Everton Giant 2002
Many can lay claim to being a legend, but few can be labelled as unique, which is why Ray Wilson was named the Everton Giant for 2002.
So how did a quietly spoken, unassuming lad from Shirebrook write himself indelibly into the Everton history books.
30th July 1966 that's how.
Ray Wilson and ten of his England colleagues defeated West Germany in a football match at Wembley to turn themselves into national treasures and bring the World Cup to these shores for the one and only time. No other Everton player in our glorious history has graced the game's ultimate stage.
It may surprise some people that Ray was 29 years of age when Harry Catterick finally secured his signature.
"Everton was a far bigger club than Huddersfield," he recalled.
"I was thirteen years at Huddersfield and most of that time was spent in the Second Division. I did try to get away a few times, but they wouldn't let me. I was 29 when Harry finally got me for Everton and I think Huddersfield realised that it would be daft not to sell me at that age.
"I was a bit annoyed in a sense, because I would have liked to have moved in my mid-twenties. It didn't affect my international career, thankfully, because there were a few of us at either Second Division clubs or with average First Division clubs. George Cohen and Johnny Haynes were at Fulham, Jimmy Armfield was at Blackpool and that's the way it was."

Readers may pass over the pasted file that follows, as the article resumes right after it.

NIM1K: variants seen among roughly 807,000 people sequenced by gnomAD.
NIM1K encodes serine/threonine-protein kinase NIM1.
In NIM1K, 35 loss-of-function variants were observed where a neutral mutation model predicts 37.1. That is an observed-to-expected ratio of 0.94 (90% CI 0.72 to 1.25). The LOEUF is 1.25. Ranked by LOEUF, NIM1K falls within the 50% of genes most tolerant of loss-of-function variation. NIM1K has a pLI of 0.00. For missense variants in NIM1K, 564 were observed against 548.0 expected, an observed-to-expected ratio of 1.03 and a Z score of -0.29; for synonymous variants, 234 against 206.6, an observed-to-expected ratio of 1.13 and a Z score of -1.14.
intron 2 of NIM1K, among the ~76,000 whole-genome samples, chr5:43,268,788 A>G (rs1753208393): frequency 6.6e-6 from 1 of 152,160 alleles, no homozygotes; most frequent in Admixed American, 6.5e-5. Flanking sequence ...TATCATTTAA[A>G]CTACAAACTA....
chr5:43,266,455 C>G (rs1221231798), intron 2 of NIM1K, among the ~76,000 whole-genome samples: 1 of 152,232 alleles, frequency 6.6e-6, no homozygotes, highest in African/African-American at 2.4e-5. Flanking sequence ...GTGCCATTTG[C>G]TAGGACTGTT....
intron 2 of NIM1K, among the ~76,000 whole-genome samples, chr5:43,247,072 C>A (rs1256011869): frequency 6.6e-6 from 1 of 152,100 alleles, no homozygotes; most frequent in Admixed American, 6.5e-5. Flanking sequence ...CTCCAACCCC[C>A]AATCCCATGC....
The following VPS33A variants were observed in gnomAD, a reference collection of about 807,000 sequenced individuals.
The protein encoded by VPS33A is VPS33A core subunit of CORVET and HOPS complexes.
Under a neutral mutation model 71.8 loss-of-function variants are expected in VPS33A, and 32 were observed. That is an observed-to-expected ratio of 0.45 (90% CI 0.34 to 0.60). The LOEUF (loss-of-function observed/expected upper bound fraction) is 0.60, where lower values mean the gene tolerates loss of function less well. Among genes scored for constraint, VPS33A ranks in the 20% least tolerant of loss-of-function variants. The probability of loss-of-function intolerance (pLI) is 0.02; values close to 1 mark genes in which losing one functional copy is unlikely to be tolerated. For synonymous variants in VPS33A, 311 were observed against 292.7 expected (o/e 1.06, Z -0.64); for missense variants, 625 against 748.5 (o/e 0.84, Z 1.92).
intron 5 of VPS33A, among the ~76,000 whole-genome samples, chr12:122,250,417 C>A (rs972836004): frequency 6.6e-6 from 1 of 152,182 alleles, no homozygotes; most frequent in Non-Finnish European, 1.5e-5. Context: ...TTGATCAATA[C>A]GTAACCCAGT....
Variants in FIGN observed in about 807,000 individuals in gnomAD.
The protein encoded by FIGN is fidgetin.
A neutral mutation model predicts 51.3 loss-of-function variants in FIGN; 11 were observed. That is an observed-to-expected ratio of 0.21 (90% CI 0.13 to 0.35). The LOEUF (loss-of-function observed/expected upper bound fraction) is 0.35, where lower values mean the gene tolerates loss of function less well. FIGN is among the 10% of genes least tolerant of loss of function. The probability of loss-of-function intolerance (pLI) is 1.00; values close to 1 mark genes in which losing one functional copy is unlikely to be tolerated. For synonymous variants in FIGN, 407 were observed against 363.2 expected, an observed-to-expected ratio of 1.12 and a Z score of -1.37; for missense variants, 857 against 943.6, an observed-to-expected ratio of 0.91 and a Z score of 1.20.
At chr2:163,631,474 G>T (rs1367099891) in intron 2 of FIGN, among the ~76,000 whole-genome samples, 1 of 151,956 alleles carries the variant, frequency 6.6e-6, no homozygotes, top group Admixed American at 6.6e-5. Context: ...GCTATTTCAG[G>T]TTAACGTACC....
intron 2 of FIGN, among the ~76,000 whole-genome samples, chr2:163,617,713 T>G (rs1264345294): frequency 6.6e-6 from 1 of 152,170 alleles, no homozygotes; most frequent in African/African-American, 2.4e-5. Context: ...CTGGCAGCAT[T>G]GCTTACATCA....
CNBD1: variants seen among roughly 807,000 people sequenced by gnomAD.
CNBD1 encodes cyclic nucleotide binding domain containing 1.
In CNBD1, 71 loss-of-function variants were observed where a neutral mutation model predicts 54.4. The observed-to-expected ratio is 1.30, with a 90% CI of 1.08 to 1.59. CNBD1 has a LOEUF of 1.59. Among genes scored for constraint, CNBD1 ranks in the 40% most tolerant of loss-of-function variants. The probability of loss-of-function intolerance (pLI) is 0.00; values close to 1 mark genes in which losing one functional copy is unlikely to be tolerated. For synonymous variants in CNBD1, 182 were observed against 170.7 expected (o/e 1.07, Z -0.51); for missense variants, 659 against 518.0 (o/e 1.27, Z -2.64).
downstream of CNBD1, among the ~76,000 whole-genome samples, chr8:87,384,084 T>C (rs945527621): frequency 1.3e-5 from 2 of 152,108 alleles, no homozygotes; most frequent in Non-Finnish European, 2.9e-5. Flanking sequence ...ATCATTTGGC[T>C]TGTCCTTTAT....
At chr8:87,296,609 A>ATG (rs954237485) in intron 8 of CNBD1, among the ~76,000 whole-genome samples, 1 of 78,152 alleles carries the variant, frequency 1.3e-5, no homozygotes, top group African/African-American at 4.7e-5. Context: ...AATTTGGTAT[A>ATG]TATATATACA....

The irony is that we could well have had Ray 14 years earlier!
"I had a trial with Huddersfield as a kid and there was an Everton scout watching me," he revealed. "I got a letter from Everton offering me a deal, but I felt loyal to Huddersfield. But I remember looking around Goodison properly for the first time after I'd joined and I thought to myself, 'my word, what have I been missing out on all these years, I should have been here years ago.'"
Ray put pen to paper in the summer of 1964, two years before his memorable year.
Not only did he win the World Cup but he was also a part of the Everton team that won one of the most dramatic FA Cup finals of all time, coming from two goals down to triumph 3-2.
Ray had sole ownership of the left-back jersey for both club and country and his reputation as a defender of extremely rare quality was world-wide but injury prevented him from playing a part in the magnificent Championship side that Harry Catterick fashioned just four years later.
By the time The Toffees lifted the league crown, Ray had moved to Oldham Athletic.
"Strangely enough, Everton won the league just before I joined them and then they won it again just after I left... which I hope was just a coincidence!" he quipped.
It certainly was, and every Evertonian knows it. Everyone who had the privilege of seeing him play would probably select him in their all-time Everton XI and, for his part, this football club is still very close to his heart.